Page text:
by Anna Carnick
In celebration of Richard Meier Architect Volume 5," this latest volume reveals that time hast slowed Meier down at all.
Focusing on his work between 2004 and 2009, the book offers a thorough and intimate understanding of Meierâs style—particularly the qualities of light and fluidity across a variety of project sizes—through case studies, photographs, illustrations, renderings and drawings of his recent work. The book (which, incidentally, another American master: Massimo Vignelli designed) includes 32 residential, commercial and civic projects—including the Arp Museum in Germany, the Broad Art Center in UCLA, the San Jose City Hall, new master plans for Newark, New Jersey and Manhattanâs East Side, as well as the highly-publicized On Prospect Park, a Brooklyn glass tower, which—after much debate regarding the residential building's aesthetic fit for the existing neighborhood—opened 11 months ago only to face the brutalities of the recession.
(above) San Jose City Hall, copyright Scott Frances/ESTO.
The new structure makes a good example of the enduring nature of Meierâs career, though. As he writes in the bookâs preface, modern architecture âmust deal with urban design that contributes to social interaction and addresses the relationship between public and private space.â One of Meierâs goals for the residence—set on Grand Army Plaza near Prospect Park, the Brooklyn Public Library and the Brooklyn Art Museum—aimed to eliminate the separation between outside and in. He certainly succeeded here and current residents claim to love their new glass homes. Notably, however, most of them have also had to swallow the bitter taste of dramatic pricing drops (in some cases up to 40%, according to a recent NY Times story) in surrounding units. Nearly a year after opening, Meierâs design has been honored with a Building Brooklyn Award, but the space is still less than half full.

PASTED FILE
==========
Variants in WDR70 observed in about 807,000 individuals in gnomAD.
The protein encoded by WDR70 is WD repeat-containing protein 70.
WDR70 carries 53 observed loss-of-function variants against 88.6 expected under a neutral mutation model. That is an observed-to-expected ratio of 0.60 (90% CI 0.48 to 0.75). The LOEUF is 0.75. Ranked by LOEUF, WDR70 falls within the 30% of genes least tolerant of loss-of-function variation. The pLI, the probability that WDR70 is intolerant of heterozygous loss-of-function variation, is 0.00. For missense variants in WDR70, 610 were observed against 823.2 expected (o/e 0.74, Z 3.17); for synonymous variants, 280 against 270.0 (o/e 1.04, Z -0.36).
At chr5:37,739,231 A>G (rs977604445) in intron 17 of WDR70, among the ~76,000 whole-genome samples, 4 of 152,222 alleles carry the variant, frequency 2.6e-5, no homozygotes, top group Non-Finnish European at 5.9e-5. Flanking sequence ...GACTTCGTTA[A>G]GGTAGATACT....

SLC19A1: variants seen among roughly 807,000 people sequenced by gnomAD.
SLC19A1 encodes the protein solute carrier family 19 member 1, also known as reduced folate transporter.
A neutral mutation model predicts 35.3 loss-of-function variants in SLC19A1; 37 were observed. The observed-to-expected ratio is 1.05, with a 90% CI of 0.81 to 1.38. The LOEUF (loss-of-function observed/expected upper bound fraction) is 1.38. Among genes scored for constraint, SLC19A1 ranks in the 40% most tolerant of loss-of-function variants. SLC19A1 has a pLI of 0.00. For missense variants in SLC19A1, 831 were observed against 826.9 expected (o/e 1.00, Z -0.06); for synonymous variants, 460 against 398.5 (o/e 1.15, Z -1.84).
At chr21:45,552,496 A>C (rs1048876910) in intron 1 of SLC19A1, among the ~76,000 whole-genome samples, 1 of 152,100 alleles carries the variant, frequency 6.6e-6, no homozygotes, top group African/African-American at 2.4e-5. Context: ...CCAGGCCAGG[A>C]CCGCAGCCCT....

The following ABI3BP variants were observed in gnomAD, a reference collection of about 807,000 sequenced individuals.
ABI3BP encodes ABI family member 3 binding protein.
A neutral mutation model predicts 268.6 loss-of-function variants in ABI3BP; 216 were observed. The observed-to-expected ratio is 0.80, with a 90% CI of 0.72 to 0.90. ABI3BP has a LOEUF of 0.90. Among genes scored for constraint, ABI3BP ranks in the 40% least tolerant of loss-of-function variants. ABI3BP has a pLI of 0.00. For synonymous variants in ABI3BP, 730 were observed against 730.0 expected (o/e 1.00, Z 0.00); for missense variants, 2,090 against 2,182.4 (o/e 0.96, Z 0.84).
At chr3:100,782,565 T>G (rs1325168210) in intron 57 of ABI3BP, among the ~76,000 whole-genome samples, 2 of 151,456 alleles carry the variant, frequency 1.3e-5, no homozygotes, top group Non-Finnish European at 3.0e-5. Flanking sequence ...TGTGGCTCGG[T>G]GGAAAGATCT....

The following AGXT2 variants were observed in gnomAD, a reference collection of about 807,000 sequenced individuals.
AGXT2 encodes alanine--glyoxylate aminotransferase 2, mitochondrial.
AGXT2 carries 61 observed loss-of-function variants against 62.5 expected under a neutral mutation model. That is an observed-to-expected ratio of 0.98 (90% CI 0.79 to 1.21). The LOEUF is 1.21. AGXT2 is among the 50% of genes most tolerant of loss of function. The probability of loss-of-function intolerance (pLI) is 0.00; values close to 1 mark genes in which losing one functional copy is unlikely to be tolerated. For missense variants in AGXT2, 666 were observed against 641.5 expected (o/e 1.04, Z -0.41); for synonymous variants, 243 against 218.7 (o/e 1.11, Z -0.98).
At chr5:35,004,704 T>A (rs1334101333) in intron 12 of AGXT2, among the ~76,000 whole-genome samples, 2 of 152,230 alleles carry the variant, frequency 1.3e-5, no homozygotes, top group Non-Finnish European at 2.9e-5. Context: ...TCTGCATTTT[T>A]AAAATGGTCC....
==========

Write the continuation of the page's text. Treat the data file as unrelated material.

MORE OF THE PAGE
But with a career spanning 45 years, Meier assuredly has seen his share of economic ups and downs. Heâs weathered past storms, while continuing to create beautiful spaces for the future, adding to an expansive architectural legacy. As he said upon receiving the Pritzker Prize, âWhen I am asked what I believe in, I say that I believe in architecture. Architecture is the mother of all arts. I like to believe that architecture connects the present with the past and the tangible with the intangible.â
(above left) Rickmers House, copyright Klaus Frahm.
(above right) Joy Apartment, copyright Scott Frances/ESTO.
Looking at the last five years documented here—let alone the sum of the past 45—may just make a believer out of you too.
(above) Arp Museum, copyright Roland Halbe.
Pre-order the book now through Amazon. It officially releases on 20 October 2009.
Check out more images after the jump.